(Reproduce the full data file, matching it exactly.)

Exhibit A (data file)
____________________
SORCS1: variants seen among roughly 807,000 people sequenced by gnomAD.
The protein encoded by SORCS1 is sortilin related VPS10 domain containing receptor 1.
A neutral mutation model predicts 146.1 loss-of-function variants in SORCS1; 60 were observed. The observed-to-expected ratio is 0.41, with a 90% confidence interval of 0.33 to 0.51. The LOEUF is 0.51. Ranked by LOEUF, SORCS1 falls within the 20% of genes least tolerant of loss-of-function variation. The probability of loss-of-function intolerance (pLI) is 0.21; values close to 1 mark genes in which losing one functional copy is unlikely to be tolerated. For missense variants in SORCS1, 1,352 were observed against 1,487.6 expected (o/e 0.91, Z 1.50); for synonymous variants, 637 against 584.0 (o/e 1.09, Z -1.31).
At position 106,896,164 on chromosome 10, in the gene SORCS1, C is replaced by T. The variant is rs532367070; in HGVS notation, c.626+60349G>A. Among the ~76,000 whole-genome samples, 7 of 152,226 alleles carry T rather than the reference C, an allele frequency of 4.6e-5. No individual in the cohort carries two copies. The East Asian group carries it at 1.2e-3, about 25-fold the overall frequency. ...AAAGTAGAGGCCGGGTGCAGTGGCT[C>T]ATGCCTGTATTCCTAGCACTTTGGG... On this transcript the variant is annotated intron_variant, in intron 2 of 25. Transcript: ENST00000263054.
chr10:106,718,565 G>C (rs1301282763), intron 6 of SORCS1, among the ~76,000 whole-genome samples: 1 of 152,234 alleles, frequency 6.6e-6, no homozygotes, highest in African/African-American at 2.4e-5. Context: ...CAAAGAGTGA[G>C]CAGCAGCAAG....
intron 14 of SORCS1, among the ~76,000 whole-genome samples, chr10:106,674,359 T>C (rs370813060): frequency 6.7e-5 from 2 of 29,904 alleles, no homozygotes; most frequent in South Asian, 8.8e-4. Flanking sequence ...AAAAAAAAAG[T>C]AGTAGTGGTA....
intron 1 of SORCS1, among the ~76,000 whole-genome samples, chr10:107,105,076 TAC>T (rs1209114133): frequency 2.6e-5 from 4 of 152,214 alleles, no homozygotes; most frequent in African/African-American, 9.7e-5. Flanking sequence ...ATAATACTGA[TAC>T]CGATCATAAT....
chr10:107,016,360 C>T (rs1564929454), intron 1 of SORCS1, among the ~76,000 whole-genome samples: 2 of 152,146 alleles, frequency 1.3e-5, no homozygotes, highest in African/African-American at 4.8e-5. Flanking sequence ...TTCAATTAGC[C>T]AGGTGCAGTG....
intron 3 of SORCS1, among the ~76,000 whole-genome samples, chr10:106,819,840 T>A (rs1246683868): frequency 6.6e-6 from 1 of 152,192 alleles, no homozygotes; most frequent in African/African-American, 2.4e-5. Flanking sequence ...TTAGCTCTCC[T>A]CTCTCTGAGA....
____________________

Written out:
SORCS1: variants seen among roughly 807,000 people sequenced by gnomAD.
The protein encoded by SORCS1 is sortilin related VPS10 domain containing receptor 1.
A neutral mutation model predicts 146.1 loss-of-function variants in SORCS1; 60 were observed. The observed-to-expected ratio is 0.41, with a 90% confidence interval of 0.33 to 0.51. The LOEUF is 0.51. Ranked by LOEUF, SORCS1 falls within the 20% of genes least tolerant of loss-of-function variation. The probability of loss-of-function intolerance (pLI) is 0.21; values close to 1 mark genes in which losing one functional copy is unlikely to be tolerated. For missense variants in SORCS1, 1,352 were observed against 1,487.6 expected (o/e 0.91, Z 1.50); for synonymous variants, 637 against 584.0 (o/e 1.09, Z -1.31).
At position 106,896,164 on chromosome 10, in the gene SORCS1, C is replaced by T. The variant is rs532367070; in HGVS notation, c.626+60349G>A. Among the ~76,000 whole-genome samples, 7 of 152,226 alleles carry T rather than the reference C, an allele frequency of 4.6e-5. No individual in the cohort carries two copies. The East Asian group carries it at 1.2e-3, about 25-fold the overall frequency. ...AAAGTAGAGGCCGGGTGCAGTGGCT[C>T]ATGCCTGTATTCCTAGCACTTTGGG... On this transcript the variant is annotated intron_variant, in intron 2 of 25. Transcript: ENST00000263054.
chr10:106,718,565 G>C (rs1301282763), intron 6 of SORCS1, among the ~76,000 whole-genome samples: 1 of 152,234 alleles, frequency 6.6e-6, no homozygotes, highest in African/African-American at 2.4e-5. Context: ...CAAAGAGTGA[G>C]CAGCAGCAAG....
intron 14 of SORCS1, among the ~76,000 whole-genome samples, chr10:106,674,359 T>C (rs370813060): frequency 6.7e-5 from 2 of 29,904 alleles, no homozygotes; most frequent in South Asian, 8.8e-4. Flanking sequence ...AAAAAAAAAG[T>C]AGTAGTGGTA....
intron 1 of SORCS1, among the ~76,000 whole-genome samples, chr10:107,105,076 TAC>T (rs1209114133): frequency 2.6e-5 from 4 of 152,214 alleles, no homozygotes; most frequent in African/African-American, 9.7e-5. Flanking sequence ...ATAATACTGA[TAC>T]CGATCATAAT....
chr10:107,016,360 C>T (rs1564929454), intron 1 of SORCS1, among the ~76,000 whole-genome samples: 2 of 152,146 alleles, frequency 1.3e-5, no homozygotes, highest in African/African-American at 4.8e-5. Flanking sequence ...TTCAATTAGC[C>T]AGGTGCAGTG....
intron 3 of SORCS1, among the ~76,000 whole-genome samples, chr10:106,819,840 T>A (rs1246683868): frequency 6.6e-6 from 1 of 152,192 alleles, no homozygotes; most frequent in African/African-American, 2.4e-5. Flanking sequence ...TTAGCTCTCC[T>A]CTCTCTGAGA....